Table 1 demonstrates that two economic sectors (mining and industry) are alone responsible for consuming over 70% of Chile’s energy matrix. For the most part, these do not reflect state-owned companies but rather transnationals that do not pay taxes or produce jobs from a natural resource that belongs to all Chileans.

Chile’s citizens consume only 17% of energy (through the residential sector), yet – through the damming of Patagonia’s natural resources – are expected to subsidize the energy consumption of Chile’s wealthy mining and industrial interests.

The current structure of free market economics and the matrix utilized is based on providing the incentive for energy consumption, rather than for efficient energy use. Thus, in the context of excessive consumption and a perceived energy crisis, large energy corporations have taken the opportunity to plan the development of hydroelectric plants, under the premise that in a “problem country”, the lack of energy verges on a national emergency. Although the companies promote reservoirs and hydroelectric stations as clean energy, these technologies have never been clean. They are a significant contributor to global warming, generate millions of tons of methane and carbon dioxide, and are statistically proven to pollute more than electro-thermal stations.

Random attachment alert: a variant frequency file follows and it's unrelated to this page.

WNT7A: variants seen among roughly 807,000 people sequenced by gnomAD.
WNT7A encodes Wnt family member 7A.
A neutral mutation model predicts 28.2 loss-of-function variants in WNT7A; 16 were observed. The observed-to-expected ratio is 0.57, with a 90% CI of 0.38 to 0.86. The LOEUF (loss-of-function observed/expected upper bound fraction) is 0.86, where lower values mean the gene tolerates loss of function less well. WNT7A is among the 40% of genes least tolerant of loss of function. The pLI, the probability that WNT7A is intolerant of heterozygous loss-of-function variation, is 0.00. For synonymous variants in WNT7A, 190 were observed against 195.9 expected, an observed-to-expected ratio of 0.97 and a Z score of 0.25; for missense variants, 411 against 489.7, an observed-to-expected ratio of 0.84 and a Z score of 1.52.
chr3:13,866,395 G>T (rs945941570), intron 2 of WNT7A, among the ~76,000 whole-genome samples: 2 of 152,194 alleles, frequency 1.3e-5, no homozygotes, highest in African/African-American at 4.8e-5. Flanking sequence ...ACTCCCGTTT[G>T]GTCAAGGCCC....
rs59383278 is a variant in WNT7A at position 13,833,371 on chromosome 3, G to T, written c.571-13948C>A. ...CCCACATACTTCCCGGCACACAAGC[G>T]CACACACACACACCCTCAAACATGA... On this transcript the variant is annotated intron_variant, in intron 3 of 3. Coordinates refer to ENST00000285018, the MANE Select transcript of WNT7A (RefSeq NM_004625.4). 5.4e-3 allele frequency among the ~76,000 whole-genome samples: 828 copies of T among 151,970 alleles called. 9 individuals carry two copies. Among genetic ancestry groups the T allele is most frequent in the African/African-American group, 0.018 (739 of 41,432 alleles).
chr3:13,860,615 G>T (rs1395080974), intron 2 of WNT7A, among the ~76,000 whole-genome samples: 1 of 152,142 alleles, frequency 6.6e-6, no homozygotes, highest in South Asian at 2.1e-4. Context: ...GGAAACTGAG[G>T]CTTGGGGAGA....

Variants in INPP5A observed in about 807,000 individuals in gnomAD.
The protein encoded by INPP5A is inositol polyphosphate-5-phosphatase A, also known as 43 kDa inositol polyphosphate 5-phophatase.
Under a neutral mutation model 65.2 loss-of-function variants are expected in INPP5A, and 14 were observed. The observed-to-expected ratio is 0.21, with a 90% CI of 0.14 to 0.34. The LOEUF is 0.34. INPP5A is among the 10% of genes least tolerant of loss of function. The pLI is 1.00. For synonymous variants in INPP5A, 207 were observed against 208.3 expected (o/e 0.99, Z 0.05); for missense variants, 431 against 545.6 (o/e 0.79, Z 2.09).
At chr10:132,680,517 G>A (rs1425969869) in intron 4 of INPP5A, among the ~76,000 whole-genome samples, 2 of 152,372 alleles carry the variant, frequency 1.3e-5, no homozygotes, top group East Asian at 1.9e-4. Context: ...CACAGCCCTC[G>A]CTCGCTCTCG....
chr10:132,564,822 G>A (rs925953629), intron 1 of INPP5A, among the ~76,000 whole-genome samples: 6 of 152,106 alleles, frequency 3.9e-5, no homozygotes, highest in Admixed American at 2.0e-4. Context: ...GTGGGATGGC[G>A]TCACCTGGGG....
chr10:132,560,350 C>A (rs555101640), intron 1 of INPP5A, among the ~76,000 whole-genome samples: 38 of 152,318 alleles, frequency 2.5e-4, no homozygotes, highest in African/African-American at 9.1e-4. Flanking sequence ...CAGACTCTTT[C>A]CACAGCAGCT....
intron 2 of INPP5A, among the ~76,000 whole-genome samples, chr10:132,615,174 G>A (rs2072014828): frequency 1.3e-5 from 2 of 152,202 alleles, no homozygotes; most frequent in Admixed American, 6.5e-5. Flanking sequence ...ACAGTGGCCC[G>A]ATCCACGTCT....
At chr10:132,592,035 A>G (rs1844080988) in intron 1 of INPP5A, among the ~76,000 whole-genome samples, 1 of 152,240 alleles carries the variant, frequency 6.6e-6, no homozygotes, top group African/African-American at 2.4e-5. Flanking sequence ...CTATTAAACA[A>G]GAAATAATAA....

The objective of energy companies such as Endesa and Colbun and mining companies like Xstrata (formerly Falcon Bridge) is to gain control of Patagonian waters to establish highly lucrative business.

They are not above manipulating the citizenry and “selling a green image” of their efforts or presenting commercial interests as altruistic while simultaneously seeking political support through influence-peddling. In technical plans, investigations to exempt their projects are also riddled with irregularities, and environmental consultants are hired to demonstrate that dams are beneficial to the environment. Sociologists and psychologists are employed to target communities that may be in resistance to a proposed development. The companies promote the social benefits that will result from corporate plans to exploit the region’s natural resources and do not acknowledge the social costs to be incurred by Patagonia’s inhabitants. They fail to communicate that the prime economic benefit of proposed development is corporate, while the prime cost to be borne is social.

Here is the full article.